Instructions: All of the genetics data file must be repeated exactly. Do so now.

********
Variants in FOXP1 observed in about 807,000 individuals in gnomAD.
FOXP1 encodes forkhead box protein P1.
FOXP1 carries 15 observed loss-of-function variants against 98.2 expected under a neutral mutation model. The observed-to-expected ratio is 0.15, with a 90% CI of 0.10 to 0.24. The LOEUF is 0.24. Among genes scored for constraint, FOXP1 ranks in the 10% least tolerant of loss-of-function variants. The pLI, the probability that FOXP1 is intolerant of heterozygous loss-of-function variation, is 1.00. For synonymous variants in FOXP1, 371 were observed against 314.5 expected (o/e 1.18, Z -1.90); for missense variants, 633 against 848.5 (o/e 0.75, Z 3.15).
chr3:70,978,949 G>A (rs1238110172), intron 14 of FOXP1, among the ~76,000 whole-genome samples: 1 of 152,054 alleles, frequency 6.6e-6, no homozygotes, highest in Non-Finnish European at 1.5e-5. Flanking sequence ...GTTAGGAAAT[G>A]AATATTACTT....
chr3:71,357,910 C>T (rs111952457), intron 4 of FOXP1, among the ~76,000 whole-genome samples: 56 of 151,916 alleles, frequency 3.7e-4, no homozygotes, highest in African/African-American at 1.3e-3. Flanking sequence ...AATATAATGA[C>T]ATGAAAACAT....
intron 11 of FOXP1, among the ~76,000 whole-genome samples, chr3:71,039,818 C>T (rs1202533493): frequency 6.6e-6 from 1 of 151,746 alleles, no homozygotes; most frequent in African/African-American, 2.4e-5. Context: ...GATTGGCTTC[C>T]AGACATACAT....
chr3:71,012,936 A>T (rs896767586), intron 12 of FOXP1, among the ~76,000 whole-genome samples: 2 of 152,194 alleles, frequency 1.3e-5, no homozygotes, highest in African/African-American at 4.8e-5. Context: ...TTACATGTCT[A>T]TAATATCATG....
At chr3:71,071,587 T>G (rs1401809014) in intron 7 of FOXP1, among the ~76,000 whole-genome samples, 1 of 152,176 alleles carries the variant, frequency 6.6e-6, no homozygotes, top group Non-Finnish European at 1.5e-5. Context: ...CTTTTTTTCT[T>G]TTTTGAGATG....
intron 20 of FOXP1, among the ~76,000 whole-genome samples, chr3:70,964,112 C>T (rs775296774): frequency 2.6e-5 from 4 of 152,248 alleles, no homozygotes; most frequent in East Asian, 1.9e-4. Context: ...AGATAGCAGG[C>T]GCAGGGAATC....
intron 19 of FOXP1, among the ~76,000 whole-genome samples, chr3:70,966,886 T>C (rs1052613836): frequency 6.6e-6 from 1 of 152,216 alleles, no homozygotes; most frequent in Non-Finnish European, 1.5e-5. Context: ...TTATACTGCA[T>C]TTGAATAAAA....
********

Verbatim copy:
Variants in FOXP1 observed in about 807,000 individuals in gnomAD.
FOXP1 encodes forkhead box protein P1.
FOXP1 carries 15 observed loss-of-function variants against 98.2 expected under a neutral mutation model. The observed-to-expected ratio is 0.15, with a 90% CI of 0.10 to 0.24. The LOEUF is 0.24. Among genes scored for constraint, FOXP1 ranks in the 10% least tolerant of loss-of-function variants. The pLI, the probability that FOXP1 is intolerant of heterozygous loss-of-function variation, is 1.00. For synonymous variants in FOXP1, 371 were observed against 314.5 expected (o/e 1.18, Z -1.90); for missense variants, 633 against 848.5 (o/e 0.75, Z 3.15).
chr3:70,978,949 G>A (rs1238110172), intron 14 of FOXP1, among the ~76,000 whole-genome samples: 1 of 152,054 alleles, frequency 6.6e-6, no homozygotes, highest in Non-Finnish European at 1.5e-5. Flanking sequence ...GTTAGGAAAT[G>A]AATATTACTT....
chr3:71,357,910 C>T (rs111952457), intron 4 of FOXP1, among the ~76,000 whole-genome samples: 56 of 151,916 alleles, frequency 3.7e-4, no homozygotes, highest in African/African-American at 1.3e-3. Flanking sequence ...AATATAATGA[C>T]ATGAAAACAT....
intron 11 of FOXP1, among the ~76,000 whole-genome samples, chr3:71,039,818 C>T (rs1202533493): frequency 6.6e-6 from 1 of 151,746 alleles, no homozygotes; most frequent in African/African-American, 2.4e-5. Context: ...GATTGGCTTC[C>T]AGACATACAT....
chr3:71,012,936 A>T (rs896767586), intron 12 of FOXP1, among the ~76,000 whole-genome samples: 2 of 152,194 alleles, frequency 1.3e-5, no homozygotes, highest in African/African-American at 4.8e-5. Context: ...TTACATGTCT[A>T]TAATATCATG....
At chr3:71,071,587 T>G (rs1401809014) in intron 7 of FOXP1, among the ~76,000 whole-genome samples, 1 of 152,176 alleles carries the variant, frequency 6.6e-6, no homozygotes, top group Non-Finnish European at 1.5e-5. Context: ...CTTTTTTTCT[T>G]TTTTGAGATG....
intron 20 of FOXP1, among the ~76,000 whole-genome samples, chr3:70,964,112 C>T (rs775296774): frequency 2.6e-5 from 4 of 152,248 alleles, no homozygotes; most frequent in East Asian, 1.9e-4. Context: ...AGATAGCAGG[C>T]GCAGGGAATC....
intron 19 of FOXP1, among the ~76,000 whole-genome samples, chr3:70,966,886 T>C (rs1052613836): frequency 6.6e-6 from 1 of 152,216 alleles, no homozygotes; most frequent in Non-Finnish European, 1.5e-5. Context: ...TTATACTGCA[T>C]TTGAATAAAA....